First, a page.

I'm not really where to start with this so I'm just going to jump right in there. I'm 21 years old and I weigh roughly 95kgs, which is about 210lbs or 15 stone. I have a BMI of roughly 34-35.
I've been struggling with my weight for many years and just watching in go up and up and up in the last 5 years and no matter what I did, nothing would stop it increasing or push it back down. I was a really thin child though, before puberty. Although, my whole family is overweight, even the majority of my extended family is quite overweight.
Recently I have been doing research about weight loss and what could be hindering it, and I found a lot of information about how sleep and being overweight are related. Around the time my weight started to increase a lot, my sleep was also getting dramatically worse, I was having lots of trouble getting to sleep and staying asleep. I complained to my parents and doctors but no one really took me seriously, so I just learned to live with it. But in the last few years it has just become too much and I find myself so exhausted all the time I don't want to do anything, I try to exercise as much as I can, usually about 40 minutes 5 days a week, but it just doesn't seem to be enough to make the weight come off and stay off. The lack of sleep also gives me insane cravings for sugary foods or carbs around 4-5 o'clock in the afternoon because my body needs the energy and I just feel hungry all the time because my hormones are all out of whack and nothing I do makes the hunger go away.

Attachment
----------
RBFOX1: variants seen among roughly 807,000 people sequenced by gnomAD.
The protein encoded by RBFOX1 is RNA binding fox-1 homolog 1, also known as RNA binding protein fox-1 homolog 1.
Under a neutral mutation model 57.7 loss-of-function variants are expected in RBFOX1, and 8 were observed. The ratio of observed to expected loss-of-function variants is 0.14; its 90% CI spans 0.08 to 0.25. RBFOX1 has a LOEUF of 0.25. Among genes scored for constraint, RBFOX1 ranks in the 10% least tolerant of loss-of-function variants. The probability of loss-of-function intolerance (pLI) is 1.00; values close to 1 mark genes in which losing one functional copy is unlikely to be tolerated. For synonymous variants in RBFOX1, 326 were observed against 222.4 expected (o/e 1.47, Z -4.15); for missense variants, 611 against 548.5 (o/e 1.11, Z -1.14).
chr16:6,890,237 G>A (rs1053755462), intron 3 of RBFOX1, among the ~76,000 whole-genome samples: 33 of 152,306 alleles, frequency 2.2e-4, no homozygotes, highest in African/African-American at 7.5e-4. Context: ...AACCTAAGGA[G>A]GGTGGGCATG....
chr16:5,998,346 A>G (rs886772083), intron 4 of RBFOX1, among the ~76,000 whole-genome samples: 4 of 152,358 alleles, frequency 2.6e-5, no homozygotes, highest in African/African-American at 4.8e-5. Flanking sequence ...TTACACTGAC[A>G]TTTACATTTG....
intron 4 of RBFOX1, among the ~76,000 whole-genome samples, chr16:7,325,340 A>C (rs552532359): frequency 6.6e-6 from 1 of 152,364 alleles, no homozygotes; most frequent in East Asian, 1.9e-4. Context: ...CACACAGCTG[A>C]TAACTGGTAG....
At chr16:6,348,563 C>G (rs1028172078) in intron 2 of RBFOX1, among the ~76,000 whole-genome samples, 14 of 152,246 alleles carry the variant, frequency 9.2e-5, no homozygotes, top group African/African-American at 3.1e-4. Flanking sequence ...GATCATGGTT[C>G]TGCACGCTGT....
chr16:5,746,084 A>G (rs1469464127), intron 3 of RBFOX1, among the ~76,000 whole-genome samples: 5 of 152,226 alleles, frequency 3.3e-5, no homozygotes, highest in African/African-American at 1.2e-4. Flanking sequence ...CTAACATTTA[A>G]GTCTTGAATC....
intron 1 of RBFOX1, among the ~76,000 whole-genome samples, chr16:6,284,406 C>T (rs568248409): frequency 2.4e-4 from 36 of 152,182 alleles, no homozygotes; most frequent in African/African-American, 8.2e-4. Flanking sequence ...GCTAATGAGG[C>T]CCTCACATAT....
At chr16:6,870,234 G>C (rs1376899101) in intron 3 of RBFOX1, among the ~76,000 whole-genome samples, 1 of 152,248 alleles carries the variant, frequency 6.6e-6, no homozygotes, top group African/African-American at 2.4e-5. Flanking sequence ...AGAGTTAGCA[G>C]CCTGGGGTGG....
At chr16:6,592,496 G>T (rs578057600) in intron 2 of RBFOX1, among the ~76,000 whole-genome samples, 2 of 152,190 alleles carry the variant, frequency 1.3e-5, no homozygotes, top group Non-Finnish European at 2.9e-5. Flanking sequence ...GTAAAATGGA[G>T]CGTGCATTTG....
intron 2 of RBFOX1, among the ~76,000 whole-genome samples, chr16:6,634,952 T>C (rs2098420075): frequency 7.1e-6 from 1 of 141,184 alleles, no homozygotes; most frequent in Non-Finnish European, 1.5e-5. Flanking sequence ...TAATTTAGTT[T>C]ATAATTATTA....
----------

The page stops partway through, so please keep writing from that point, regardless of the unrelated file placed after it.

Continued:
I've been to see a sleep doctor who told me to have a sleep study done. It came back negative for sleep apnoea, which is awesome, but it said that I have a really high arousal index, which I found out through my own research can be caused through high blood sugar and a lower threshold for excitement in certain neurons in the brain, which can be caused from being overweight. So it's as if the two issues are just feeding each other. And to make things worse it's also causing unbearable headaches and irritability and general weakness which just make everyday life so hard. The doctor did give me medication to take to fix my sleep but it doesn't work. He also didn't have many other options to try that I haven't already tried before.